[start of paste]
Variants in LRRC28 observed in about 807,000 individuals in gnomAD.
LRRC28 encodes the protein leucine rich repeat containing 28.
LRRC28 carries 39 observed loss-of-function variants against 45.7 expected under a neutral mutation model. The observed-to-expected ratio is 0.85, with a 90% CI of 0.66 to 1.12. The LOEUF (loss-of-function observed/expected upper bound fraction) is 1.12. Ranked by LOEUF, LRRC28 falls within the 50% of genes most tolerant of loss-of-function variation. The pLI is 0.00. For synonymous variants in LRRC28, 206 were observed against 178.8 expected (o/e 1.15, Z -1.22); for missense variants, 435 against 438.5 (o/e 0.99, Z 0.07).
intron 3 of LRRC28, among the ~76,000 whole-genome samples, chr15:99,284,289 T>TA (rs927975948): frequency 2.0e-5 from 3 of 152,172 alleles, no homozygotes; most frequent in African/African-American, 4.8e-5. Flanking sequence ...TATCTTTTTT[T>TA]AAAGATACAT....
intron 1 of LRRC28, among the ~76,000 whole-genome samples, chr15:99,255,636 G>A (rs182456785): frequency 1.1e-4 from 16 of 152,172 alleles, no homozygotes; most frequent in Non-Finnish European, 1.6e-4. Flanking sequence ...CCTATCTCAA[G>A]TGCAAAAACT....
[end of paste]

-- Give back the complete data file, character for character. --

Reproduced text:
Variants in LRRC28 observed in about 807,000 individuals in gnomAD.
LRRC28 encodes the protein leucine rich repeat containing 28.
LRRC28 carries 39 observed loss-of-function variants against 45.7 expected under a neutral mutation model. The observed-to-expected ratio is 0.85, with a 90% CI of 0.66 to 1.12. The LOEUF (loss-of-function observed/expected upper bound fraction) is 1.12. Ranked by LOEUF, LRRC28 falls within the 50% of genes most tolerant of loss-of-function variation. The pLI is 0.00. For synonymous variants in LRRC28, 206 were observed against 178.8 expected (o/e 1.15, Z -1.22); for missense variants, 435 against 438.5 (o/e 0.99, Z 0.07).
intron 3 of LRRC28, among the ~76,000 whole-genome samples, chr15:99,284,289 T>TA (rs927975948): frequency 2.0e-5 from 3 of 152,172 alleles, no homozygotes; most frequent in African/African-American, 4.8e-5. Flanking sequence ...TATCTTTTTT[T>TA]AAAGATACAT....
intron 1 of LRRC28, among the ~76,000 whole-genome samples, chr15:99,255,636 G>A (rs182456785): frequency 1.1e-4 from 16 of 152,172 alleles, no homozygotes; most frequent in Non-Finnish European, 1.6e-4. Flanking sequence ...CCTATCTCAA[G>A]TGCAAAAACT....